assignment Homework
Recall that, if you take an infinite number of terms, the series for
\(\sin z\) and the function itself \(f(z)=\sin z\) are equivalent
representations of the same thing for all real numbers \(z\), (in
fact, for all complex numbers \(z\)). This is not always true. More
commonly, a series is only a valid, equivalent representation of a
function for some more restricted values of \(z\). The technical name
for this idea is convergence--the series only "converges" to the
value of the function on some restricted domain.
Find the power series for the function \(f(z)=\frac{1}{1+z^2}\). Then,
using the Mathematica worksheet from class (vfpowerapprox.nb) as a model,
or some other computer algebra system like Sage or Maple, explore
the convergence of this series. Where does your series for this new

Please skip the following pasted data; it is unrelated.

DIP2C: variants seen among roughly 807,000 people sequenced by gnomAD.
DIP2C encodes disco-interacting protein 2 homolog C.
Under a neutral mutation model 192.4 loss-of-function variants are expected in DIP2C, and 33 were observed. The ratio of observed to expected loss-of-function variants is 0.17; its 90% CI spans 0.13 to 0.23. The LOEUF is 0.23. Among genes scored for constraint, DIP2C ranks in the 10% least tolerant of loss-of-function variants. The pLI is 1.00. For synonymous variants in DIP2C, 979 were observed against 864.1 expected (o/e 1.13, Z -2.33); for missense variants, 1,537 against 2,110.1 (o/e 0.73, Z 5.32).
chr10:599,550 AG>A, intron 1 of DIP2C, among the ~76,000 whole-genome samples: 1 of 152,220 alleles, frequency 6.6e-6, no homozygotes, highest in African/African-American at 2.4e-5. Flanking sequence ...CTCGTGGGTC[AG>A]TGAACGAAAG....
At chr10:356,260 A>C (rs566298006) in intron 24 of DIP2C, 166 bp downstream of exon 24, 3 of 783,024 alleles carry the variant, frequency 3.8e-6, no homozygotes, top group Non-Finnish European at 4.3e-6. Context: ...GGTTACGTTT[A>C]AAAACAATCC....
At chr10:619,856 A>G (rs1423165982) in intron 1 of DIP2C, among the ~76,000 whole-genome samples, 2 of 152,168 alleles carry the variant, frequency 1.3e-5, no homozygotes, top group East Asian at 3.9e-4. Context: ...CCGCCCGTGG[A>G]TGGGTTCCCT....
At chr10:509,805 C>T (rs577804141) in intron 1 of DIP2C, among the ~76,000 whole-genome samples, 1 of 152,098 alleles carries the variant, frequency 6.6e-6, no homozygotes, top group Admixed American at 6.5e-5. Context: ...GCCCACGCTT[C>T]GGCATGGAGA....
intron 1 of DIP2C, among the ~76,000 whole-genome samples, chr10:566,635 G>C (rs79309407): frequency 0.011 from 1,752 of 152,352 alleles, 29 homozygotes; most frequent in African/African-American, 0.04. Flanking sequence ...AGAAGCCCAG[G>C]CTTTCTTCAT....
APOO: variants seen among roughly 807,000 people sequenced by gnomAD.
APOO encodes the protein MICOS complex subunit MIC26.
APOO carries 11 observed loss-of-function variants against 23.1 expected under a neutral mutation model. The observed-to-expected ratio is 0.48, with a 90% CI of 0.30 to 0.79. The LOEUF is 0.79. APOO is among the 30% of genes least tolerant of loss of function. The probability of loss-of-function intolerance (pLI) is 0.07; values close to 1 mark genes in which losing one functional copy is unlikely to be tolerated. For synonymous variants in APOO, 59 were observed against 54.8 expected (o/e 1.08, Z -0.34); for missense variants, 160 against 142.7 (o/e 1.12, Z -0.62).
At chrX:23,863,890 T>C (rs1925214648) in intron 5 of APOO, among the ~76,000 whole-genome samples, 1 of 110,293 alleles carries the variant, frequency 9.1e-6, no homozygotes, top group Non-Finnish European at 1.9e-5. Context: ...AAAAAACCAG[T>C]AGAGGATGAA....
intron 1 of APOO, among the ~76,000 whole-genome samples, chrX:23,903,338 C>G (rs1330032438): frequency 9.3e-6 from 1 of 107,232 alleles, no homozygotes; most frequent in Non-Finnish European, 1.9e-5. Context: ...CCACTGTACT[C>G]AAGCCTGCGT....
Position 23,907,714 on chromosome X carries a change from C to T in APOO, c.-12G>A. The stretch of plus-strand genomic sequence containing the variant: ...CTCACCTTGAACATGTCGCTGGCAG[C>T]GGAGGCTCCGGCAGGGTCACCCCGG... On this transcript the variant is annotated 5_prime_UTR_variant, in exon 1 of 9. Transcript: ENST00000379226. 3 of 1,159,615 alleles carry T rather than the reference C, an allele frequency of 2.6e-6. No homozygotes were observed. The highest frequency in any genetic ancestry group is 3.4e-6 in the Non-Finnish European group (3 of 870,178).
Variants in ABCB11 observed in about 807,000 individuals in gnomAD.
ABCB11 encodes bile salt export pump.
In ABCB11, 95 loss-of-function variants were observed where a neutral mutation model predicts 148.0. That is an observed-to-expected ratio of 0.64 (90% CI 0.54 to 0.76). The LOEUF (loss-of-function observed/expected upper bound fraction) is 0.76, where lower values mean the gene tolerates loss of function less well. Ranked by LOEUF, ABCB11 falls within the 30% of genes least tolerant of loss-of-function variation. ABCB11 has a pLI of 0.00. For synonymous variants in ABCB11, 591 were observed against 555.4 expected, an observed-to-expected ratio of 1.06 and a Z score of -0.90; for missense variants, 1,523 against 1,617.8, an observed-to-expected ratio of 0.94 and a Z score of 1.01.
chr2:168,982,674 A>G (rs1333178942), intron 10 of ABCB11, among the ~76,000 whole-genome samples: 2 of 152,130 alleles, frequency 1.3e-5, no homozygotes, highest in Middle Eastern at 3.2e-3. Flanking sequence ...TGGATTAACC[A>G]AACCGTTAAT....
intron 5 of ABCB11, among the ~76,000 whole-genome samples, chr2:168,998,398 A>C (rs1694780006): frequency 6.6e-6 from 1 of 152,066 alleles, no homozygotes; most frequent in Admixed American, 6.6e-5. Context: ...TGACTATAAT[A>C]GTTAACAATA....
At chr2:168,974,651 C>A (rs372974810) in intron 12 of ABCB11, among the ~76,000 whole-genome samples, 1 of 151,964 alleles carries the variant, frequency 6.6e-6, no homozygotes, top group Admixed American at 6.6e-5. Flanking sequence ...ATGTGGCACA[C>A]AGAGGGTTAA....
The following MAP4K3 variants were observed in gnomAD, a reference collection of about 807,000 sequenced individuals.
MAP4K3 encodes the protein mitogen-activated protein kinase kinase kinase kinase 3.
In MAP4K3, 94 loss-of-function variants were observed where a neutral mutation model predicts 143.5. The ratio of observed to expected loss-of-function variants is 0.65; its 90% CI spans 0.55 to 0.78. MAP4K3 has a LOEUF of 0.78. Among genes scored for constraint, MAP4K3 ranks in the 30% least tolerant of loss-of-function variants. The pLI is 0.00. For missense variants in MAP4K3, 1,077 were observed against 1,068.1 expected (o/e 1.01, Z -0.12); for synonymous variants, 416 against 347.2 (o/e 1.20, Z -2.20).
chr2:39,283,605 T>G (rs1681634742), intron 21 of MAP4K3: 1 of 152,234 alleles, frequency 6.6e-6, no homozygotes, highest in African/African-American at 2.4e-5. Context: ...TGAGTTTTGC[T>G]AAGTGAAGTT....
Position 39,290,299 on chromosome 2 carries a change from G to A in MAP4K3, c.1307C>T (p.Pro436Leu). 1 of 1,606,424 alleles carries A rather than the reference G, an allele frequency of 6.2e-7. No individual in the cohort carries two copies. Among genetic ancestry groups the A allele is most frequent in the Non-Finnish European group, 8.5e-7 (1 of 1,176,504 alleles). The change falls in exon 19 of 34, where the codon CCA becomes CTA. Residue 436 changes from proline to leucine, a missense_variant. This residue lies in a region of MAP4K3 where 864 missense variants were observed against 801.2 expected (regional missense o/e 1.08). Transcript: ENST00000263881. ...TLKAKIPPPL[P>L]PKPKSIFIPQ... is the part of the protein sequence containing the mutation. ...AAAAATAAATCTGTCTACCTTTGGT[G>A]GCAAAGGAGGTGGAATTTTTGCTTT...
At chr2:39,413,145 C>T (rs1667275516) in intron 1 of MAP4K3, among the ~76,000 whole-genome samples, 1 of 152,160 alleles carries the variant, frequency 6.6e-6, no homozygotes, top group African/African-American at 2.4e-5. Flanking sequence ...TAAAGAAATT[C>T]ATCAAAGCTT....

function converge? Can you tell anything about the region of
convergence from the graphs of the various approximations? Print out a
plot and write a brief description (a sentence or two) of the region
of convergence.
Note: As a matter of professional ettiquette (or in some cases, as a legal
copyright requirement), if you use or modify a computer program written by
someone else, you should always acknowledge that fact briefly in whatever you
write up. Say something like: “This calculation was based on a (name
of software package) program titled (title) originally written by
(author) copyright (copyright date).